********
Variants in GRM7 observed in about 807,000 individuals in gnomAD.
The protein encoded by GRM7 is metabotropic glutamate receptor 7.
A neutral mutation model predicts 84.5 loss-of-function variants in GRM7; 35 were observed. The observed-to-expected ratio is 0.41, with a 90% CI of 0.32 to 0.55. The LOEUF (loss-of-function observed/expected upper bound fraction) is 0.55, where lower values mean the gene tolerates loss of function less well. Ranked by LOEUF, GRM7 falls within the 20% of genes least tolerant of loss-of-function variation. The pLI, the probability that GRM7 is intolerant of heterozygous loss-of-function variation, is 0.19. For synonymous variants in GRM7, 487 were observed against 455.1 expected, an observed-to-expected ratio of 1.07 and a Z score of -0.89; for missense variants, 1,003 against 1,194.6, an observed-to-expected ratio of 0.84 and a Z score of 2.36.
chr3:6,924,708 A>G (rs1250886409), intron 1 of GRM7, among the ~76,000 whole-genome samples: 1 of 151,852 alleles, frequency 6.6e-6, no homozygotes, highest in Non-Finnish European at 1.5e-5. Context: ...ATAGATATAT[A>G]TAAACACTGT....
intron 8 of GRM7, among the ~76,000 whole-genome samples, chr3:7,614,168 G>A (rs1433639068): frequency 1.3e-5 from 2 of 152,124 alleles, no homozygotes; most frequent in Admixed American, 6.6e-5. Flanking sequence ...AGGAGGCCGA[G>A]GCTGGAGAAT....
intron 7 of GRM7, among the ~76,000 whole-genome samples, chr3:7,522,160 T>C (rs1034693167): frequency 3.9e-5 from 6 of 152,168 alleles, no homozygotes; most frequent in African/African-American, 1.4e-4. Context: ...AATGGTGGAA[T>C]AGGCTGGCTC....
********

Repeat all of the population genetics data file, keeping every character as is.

Variants in GRM7 observed in about 807,000 individuals in gnomAD.
The protein encoded by GRM7 is metabotropic glutamate receptor 7.
A neutral mutation model predicts 84.5 loss-of-function variants in GRM7; 35 were observed. The observed-to-expected ratio is 0.41, with a 90% CI of 0.32 to 0.55. The LOEUF (loss-of-function observed/expected upper bound fraction) is 0.55, where lower values mean the gene tolerates loss of function less well. Ranked by LOEUF, GRM7 falls within the 20% of genes least tolerant of loss-of-function variation. The pLI, the probability that GRM7 is intolerant of heterozygous loss-of-function variation, is 0.19. For synonymous variants in GRM7, 487 were observed against 455.1 expected, an observed-to-expected ratio of 1.07 and a Z score of -0.89; for missense variants, 1,003 against 1,194.6, an observed-to-expected ratio of 0.84 and a Z score of 2.36.
chr3:6,924,708 A>G (rs1250886409), intron 1 of GRM7, among the ~76,000 whole-genome samples: 1 of 151,852 alleles, frequency 6.6e-6, no homozygotes, highest in Non-Finnish European at 1.5e-5. Context: ...ATAGATATAT[A>G]TAAACACTGT....
intron 8 of GRM7, among the ~76,000 whole-genome samples, chr3:7,614,168 G>A (rs1433639068): frequency 1.3e-5 from 2 of 152,124 alleles, no homozygotes; most frequent in Admixed American, 6.6e-5. Flanking sequence ...AGGAGGCCGA[G>A]GCTGGAGAAT....
intron 7 of GRM7, among the ~76,000 whole-genome samples, chr3:7,522,160 T>C (rs1034693167): frequency 3.9e-5 from 6 of 152,168 alleles, no homozygotes; most frequent in African/African-American, 1.4e-4. Context: ...AATGGTGGAA[T>C]AGGCTGGCTC....